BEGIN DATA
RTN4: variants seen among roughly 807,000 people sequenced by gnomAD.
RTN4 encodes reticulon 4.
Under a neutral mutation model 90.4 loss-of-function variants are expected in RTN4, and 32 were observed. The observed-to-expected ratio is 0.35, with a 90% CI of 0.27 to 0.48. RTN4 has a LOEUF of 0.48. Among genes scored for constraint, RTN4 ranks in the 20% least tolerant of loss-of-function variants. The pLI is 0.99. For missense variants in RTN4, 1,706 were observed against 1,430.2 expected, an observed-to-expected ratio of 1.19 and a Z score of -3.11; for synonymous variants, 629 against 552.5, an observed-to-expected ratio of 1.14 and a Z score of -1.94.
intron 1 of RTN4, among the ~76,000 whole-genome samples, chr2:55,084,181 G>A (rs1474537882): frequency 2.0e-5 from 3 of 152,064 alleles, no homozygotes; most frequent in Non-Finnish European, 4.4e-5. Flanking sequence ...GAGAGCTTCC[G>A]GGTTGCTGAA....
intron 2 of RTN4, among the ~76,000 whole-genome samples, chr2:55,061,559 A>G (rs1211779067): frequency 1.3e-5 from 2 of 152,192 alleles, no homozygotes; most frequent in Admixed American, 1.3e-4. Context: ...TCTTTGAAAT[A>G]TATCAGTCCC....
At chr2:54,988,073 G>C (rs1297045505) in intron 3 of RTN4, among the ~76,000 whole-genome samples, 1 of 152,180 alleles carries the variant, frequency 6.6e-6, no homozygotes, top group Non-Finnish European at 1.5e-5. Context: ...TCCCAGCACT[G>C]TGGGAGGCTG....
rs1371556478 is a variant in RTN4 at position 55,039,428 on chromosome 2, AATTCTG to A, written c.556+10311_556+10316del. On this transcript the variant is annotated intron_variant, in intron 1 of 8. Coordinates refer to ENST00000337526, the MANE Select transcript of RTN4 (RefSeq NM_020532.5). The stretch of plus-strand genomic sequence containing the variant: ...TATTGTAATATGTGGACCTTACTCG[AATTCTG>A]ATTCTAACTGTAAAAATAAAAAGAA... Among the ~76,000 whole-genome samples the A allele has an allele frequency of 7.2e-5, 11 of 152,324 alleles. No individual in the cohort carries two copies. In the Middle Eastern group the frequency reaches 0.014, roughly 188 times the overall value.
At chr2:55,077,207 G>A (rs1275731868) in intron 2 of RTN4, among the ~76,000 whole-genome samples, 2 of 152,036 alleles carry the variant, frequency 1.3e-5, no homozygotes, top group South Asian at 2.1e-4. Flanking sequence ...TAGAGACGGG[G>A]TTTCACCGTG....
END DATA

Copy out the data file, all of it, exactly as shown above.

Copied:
RTN4: variants seen among roughly 807,000 people sequenced by gnomAD.
RTN4 encodes reticulon 4.
Under a neutral mutation model 90.4 loss-of-function variants are expected in RTN4, and 32 were observed. The observed-to-expected ratio is 0.35, with a 90% CI of 0.27 to 0.48. RTN4 has a LOEUF of 0.48. Among genes scored for constraint, RTN4 ranks in the 20% least tolerant of loss-of-function variants. The pLI is 0.99. For missense variants in RTN4, 1,706 were observed against 1,430.2 expected, an observed-to-expected ratio of 1.19 and a Z score of -3.11; for synonymous variants, 629 against 552.5, an observed-to-expected ratio of 1.14 and a Z score of -1.94.
intron 1 of RTN4, among the ~76,000 whole-genome samples, chr2:55,084,181 G>A (rs1474537882): frequency 2.0e-5 from 3 of 152,064 alleles, no homozygotes; most frequent in Non-Finnish European, 4.4e-5. Flanking sequence ...GAGAGCTTCC[G>A]GGTTGCTGAA....
intron 2 of RTN4, among the ~76,000 whole-genome samples, chr2:55,061,559 A>G (rs1211779067): frequency 1.3e-5 from 2 of 152,192 alleles, no homozygotes; most frequent in Admixed American, 1.3e-4. Context: ...TCTTTGAAAT[A>G]TATCAGTCCC....
At chr2:54,988,073 G>C (rs1297045505) in intron 3 of RTN4, among the ~76,000 whole-genome samples, 1 of 152,180 alleles carries the variant, frequency 6.6e-6, no homozygotes, top group Non-Finnish European at 1.5e-5. Context: ...TCCCAGCACT[G>C]TGGGAGGCTG....
rs1371556478 is a variant in RTN4 at position 55,039,428 on chromosome 2, AATTCTG to A, written c.556+10311_556+10316del. On this transcript the variant is annotated intron_variant, in intron 1 of 8. Coordinates refer to ENST00000337526, the MANE Select transcript of RTN4 (RefSeq NM_020532.5). The stretch of plus-strand genomic sequence containing the variant: ...TATTGTAATATGTGGACCTTACTCG[AATTCTG>A]ATTCTAACTGTAAAAATAAAAAGAA... Among the ~76,000 whole-genome samples the A allele has an allele frequency of 7.2e-5, 11 of 152,324 alleles. No individual in the cohort carries two copies. In the Middle Eastern group the frequency reaches 0.014, roughly 188 times the overall value.
At chr2:55,077,207 G>A (rs1275731868) in intron 2 of RTN4, among the ~76,000 whole-genome samples, 2 of 152,036 alleles carry the variant, frequency 1.3e-5, no homozygotes, top group South Asian at 2.1e-4. Flanking sequence ...TAGAGACGGG[G>A]TTTCACCGTG....